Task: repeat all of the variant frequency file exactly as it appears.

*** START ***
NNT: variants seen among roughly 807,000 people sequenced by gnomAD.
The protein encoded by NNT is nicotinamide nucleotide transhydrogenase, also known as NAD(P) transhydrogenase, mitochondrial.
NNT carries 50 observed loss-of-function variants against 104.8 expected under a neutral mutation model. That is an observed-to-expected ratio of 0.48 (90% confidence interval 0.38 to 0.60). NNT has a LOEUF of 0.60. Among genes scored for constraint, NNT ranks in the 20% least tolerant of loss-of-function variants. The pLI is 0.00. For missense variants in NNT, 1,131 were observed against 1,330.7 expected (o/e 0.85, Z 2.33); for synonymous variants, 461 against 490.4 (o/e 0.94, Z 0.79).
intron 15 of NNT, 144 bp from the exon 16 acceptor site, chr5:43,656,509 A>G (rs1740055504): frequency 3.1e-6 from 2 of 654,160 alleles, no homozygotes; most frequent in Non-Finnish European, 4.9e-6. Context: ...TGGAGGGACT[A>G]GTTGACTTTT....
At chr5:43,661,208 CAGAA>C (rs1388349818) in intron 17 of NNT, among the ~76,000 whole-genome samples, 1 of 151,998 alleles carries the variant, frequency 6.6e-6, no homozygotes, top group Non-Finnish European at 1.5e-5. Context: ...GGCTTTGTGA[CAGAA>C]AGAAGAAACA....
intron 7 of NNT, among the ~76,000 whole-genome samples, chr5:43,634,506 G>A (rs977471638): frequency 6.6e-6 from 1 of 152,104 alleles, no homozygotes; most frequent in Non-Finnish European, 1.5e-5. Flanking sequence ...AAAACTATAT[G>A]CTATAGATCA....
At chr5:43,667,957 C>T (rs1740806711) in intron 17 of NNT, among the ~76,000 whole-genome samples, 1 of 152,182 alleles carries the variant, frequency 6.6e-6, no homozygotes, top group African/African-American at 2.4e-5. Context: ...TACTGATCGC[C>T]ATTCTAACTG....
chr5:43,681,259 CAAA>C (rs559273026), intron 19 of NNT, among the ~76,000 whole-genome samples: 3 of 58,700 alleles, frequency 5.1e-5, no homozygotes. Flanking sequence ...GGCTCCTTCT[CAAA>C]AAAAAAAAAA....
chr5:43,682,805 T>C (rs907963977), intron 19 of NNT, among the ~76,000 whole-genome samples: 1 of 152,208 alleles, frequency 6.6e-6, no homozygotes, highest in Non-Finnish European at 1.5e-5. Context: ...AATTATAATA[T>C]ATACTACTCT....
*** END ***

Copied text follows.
NNT: variants seen among roughly 807,000 people sequenced by gnomAD.
The protein encoded by NNT is nicotinamide nucleotide transhydrogenase, also known as NAD(P) transhydrogenase, mitochondrial.
NNT carries 50 observed loss-of-function variants against 104.8 expected under a neutral mutation model. That is an observed-to-expected ratio of 0.48 (90% confidence interval 0.38 to 0.60). NNT has a LOEUF of 0.60. Among genes scored for constraint, NNT ranks in the 20% least tolerant of loss-of-function variants. The pLI is 0.00. For missense variants in NNT, 1,131 were observed against 1,330.7 expected (o/e 0.85, Z 2.33); for synonymous variants, 461 against 490.4 (o/e 0.94, Z 0.79).
intron 15 of NNT, 144 bp from the exon 16 acceptor site, chr5:43,656,509 A>G (rs1740055504): frequency 3.1e-6 from 2 of 654,160 alleles, no homozygotes; most frequent in Non-Finnish European, 4.9e-6. Context: ...TGGAGGGACT[A>G]GTTGACTTTT....
At chr5:43,661,208 CAGAA>C (rs1388349818) in intron 17 of NNT, among the ~76,000 whole-genome samples, 1 of 151,998 alleles carries the variant, frequency 6.6e-6, no homozygotes, top group Non-Finnish European at 1.5e-5. Context: ...GGCTTTGTGA[CAGAA>C]AGAAGAAACA....
intron 7 of NNT, among the ~76,000 whole-genome samples, chr5:43,634,506 G>A (rs977471638): frequency 6.6e-6 from 1 of 152,104 alleles, no homozygotes; most frequent in Non-Finnish European, 1.5e-5. Flanking sequence ...AAAACTATAT[G>A]CTATAGATCA....
At chr5:43,667,957 C>T (rs1740806711) in intron 17 of NNT, among the ~76,000 whole-genome samples, 1 of 152,182 alleles carries the variant, frequency 6.6e-6, no homozygotes, top group African/African-American at 2.4e-5. Context: ...TACTGATCGC[C>T]ATTCTAACTG....
chr5:43,681,259 CAAA>C (rs559273026), intron 19 of NNT, among the ~76,000 whole-genome samples: 3 of 58,700 alleles, frequency 5.1e-5, no homozygotes. Flanking sequence ...GGCTCCTTCT[CAAA>C]AAAAAAAAAA....
chr5:43,682,805 T>C (rs907963977), intron 19 of NNT, among the ~76,000 whole-genome samples: 1 of 152,208 alleles, frequency 6.6e-6, no homozygotes, highest in Non-Finnish European at 1.5e-5. Context: ...AATTATAATA[T>C]ATACTACTCT....